Perhaps you are like the woman who was still asking God for forgiveness 30 years after she had sinned, never able to believe she was forgiven.  This is a denial of what God has stated.  Thinking like this prevents us from moving on in our spiritual experience.

The truth is that "the moment we ask for forgiveness in contrition and sincerity, God forgives."  Signs of the Times, Sept. 4, 1893.   And even the desire to repent is God's work.  Christ is constantly drawing sinners by the exhibition of His love upon the cross.  This softens their hearts and inspires them to contrition and repentance.  (See Ellen G. White, Review and Herald, April 1, 1890.)

Why did John write (with implied approval) to the fathers?  1 John 2:13.

As we saw before, this knowledge of God is not mind knowledge, but a shorthand description of the total relationship between God and humankind.  John uses this term despite the fact that those whose influence he is writing to counteract use the term knowledge also.  These early Gnostics had the idea that secret knowledge was the key to salvation. Certain mystical ideas were supposed to be known only to the spiritually elite.  Interestingly, John refers to Christ as the One "who is from the beginning."  One of the ideas that became central to later Gnosticism was that Jesus was a kind of created being, one of the emanations of God.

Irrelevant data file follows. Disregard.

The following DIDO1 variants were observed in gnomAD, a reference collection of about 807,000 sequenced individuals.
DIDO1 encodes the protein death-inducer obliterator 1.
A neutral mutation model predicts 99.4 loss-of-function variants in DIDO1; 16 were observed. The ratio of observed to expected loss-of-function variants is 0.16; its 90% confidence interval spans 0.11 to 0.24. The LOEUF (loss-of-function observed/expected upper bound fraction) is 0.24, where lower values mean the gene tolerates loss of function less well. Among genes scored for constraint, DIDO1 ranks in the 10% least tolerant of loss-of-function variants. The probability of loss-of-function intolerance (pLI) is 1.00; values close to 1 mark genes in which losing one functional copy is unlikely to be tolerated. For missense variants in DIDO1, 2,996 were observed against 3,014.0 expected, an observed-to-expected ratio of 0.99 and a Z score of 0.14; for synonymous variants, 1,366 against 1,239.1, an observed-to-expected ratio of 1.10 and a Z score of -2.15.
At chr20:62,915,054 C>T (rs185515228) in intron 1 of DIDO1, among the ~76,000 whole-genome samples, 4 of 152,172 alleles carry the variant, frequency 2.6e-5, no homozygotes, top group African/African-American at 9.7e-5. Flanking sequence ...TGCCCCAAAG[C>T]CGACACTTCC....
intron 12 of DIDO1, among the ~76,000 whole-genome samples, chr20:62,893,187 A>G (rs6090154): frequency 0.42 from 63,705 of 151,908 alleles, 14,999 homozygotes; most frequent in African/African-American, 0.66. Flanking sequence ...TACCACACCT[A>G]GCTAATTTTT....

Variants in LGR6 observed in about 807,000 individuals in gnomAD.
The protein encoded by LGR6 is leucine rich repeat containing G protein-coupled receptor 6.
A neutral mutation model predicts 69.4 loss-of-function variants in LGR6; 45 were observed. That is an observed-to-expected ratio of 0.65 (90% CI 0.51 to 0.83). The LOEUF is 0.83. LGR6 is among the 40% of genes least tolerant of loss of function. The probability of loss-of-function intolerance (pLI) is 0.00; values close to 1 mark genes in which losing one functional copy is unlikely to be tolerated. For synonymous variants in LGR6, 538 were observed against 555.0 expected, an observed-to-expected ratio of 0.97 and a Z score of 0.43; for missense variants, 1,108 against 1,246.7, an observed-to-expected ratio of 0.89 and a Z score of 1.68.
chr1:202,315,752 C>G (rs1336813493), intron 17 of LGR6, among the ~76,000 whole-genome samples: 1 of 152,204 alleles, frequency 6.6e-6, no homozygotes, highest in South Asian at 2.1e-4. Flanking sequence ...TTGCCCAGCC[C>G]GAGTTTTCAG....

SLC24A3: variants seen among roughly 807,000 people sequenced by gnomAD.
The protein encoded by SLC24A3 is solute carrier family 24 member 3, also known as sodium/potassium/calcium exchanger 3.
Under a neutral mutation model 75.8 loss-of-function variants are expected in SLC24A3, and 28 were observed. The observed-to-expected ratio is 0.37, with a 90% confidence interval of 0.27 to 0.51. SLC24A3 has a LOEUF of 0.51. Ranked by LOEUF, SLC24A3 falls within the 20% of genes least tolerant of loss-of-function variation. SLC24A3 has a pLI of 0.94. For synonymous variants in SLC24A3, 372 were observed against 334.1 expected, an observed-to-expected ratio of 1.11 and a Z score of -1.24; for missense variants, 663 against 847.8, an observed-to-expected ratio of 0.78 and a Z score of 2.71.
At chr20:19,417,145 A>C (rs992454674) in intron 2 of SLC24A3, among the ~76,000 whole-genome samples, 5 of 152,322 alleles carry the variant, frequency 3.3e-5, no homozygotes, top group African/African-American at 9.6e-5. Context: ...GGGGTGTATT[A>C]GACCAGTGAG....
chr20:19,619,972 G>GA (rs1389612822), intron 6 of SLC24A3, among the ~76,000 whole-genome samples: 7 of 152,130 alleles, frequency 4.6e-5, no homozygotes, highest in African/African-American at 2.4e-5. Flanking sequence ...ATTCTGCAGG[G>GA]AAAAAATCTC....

What is wrong in not recognizing Jesus as equal with God in His divinity?  Give some specific reasons.  John 5:18; 8:58; Col. 2:9.

To deny the full divinity of Christ is arguably the worst heresy; it prevents our seeing in Jesus the complete picture of God's nature and character.  Only God Himself could atone for those who had broken His law, only He could suffer adequately for human sin. 

Inside Story

Monday April 21

Knowledge and Victory (1 John 2:13,14).

To what should the knowledge of God lead?  1 John 2:13, 14.